As Israeli economist Steven Plaut points out, all the foreign news teams have agreements with the PLO not to embarrass it. Italian TV broke the rules when its film crew filmed shots of the Palestinian mob gouging out the eyes, murdering and mutilating the two IDF reservists and then dipping hands in the blood of the murdered men and waving their bloody hands in triumph. The PLO was furious when the film went round the world.
Richard Cristiano, the representative of Italian state television, accordingly wrote a letter of apology to the Palestinian Authority (his letter was published on Oct. 16 in Al Hayat al Jedida). He said he worked under the PA's rules for journalists, blames his competitors in the Italian media for broadcasting the pictures and promises never again to film events liable to cast a negative light on the PA. To underscore the point, Italian TV put large ads in all the West Bank papers apologizing for inadvertently putting the PA in a bad light.
Israel's government press office temporarily suspended Christiano's card in protest. Given that all the foreign press works under the same PA rules (ever wonder why CNN and BBC coverage is so ludicrously one-sided?), if Israel were serious, it should be suspending all foreign journalistic credentials. An added twist to the story: Barak himself, while wanting the foreign press to see the film, did his best to bar it from Israeli TV; his attempted ban was circumvented when an Israeli TV station simply copied the video from a foreign channel).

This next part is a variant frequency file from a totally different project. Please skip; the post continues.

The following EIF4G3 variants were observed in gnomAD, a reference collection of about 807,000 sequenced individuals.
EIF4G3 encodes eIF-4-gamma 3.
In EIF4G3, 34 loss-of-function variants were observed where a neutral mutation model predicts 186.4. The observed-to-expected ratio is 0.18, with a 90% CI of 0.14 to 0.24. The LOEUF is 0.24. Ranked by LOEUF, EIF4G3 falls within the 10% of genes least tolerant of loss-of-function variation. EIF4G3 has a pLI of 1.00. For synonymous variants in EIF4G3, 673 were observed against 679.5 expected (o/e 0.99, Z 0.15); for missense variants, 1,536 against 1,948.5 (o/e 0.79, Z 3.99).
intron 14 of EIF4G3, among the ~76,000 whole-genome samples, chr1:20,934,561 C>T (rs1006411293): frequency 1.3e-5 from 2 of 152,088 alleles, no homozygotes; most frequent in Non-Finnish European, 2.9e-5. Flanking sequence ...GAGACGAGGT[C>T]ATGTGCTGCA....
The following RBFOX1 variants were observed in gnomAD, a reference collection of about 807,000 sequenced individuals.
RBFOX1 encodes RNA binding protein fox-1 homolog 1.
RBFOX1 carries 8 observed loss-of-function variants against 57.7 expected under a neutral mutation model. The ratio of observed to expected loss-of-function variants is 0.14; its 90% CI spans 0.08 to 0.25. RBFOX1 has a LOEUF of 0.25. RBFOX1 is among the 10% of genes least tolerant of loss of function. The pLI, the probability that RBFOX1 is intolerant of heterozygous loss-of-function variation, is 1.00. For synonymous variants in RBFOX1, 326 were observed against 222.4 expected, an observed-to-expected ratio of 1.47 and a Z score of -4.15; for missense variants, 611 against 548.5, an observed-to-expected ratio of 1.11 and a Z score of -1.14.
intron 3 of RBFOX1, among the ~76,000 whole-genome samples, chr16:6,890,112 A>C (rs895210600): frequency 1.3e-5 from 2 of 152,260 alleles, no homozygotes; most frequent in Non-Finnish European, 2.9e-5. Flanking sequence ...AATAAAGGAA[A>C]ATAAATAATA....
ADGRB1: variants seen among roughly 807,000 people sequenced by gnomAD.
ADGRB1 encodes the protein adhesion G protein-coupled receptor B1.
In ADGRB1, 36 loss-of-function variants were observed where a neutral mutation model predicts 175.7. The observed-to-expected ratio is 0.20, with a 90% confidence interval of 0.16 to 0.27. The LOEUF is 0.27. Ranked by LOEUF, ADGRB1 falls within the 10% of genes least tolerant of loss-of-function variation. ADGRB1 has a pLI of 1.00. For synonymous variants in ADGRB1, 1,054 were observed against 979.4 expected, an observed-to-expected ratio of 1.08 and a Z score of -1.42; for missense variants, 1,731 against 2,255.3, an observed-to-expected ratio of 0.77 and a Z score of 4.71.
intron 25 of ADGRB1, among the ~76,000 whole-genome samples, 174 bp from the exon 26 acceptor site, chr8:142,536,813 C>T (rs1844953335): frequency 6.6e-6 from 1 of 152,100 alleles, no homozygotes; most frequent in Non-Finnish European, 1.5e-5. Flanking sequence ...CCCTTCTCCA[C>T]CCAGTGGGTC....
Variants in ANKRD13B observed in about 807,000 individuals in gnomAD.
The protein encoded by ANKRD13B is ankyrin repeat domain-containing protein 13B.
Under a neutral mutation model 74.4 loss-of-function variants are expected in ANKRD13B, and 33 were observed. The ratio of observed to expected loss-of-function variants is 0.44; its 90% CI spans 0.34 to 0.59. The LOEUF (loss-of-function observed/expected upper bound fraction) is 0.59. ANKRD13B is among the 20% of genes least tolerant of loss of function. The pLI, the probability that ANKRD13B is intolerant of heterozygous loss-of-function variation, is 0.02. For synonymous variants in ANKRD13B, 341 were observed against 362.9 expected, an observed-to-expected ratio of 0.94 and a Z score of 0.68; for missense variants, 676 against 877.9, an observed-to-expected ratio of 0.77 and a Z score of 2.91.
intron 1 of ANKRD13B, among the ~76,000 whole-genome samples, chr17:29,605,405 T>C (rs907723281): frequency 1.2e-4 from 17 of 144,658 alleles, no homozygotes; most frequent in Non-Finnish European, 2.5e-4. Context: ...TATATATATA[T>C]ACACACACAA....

Shimon Peres, impervious to experience (experience is history, and after all, Shimon has told us "there is nothing to learn from history"), has no second thoughts about the peace process. Asked by a CNN reporter how he felt about having armed the PLO to kill Israelis, Shimon, that Simon-pure pillar of political correctness, replied with the gun lobby's slogan: "Guns don't kill people, people kill people." The NRA is quite right on this score, which makes it the greater pity that the reporter did not have a follow up question: given that it is indeed people who kill people, why did you choose to give guns to those people?
Shimon is by no means alone in being incapable of being mugged by reality. As the Arab "street" rioted, lynch mobs flourished, and Palestinian Authority radio and TV urged it all on, a poll was taken of Jewish Israelis: 35% said they would vote for an agreement based on Barak's proposals at Camp David and 27% said it was possible to reach a full peace agreement with the Palestinians.
As the PA heated up the war process Yitzhak Rabin initiated in 1993 (what Steven Plaut, in this issue, calls Israel's policy of permitting the "controlled carnage" of its citizens) two people stood up at a soccer game at Jerusalem's stadium and shouted "Kahane was right." They were promptly arrested for incitement. Meanwhile Arabs hung a Hamas banner from the golden Dome of the Rock on the Temple Mount. As Plaut points out, "Israel did, well, nothing."
At age 88, Moshe Landau, former President of Israel's Supreme Court, after decades of self-imposed silence, has finally decided to speak out. In an interview with Ha'aretz, published in both its Hebrew and English editions, he warns that the state faces the apocalypse: that the "politics of weakness" has brought the state to the edge of destruction. "We're undermining ourselves more and more. We're heading toward political and national suicide." Symbols, history and national honor are important, says Landau. "Zionism is the longing for Zion. And what is Zion if not the Temple Mount, the Mount of Olives, the Old City?" He speaks about small minorities who impose their views upon the public: a far left media that tries to dictate to the public what to think, a
(Continued on p.12)
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Outpost - 2 - November 2000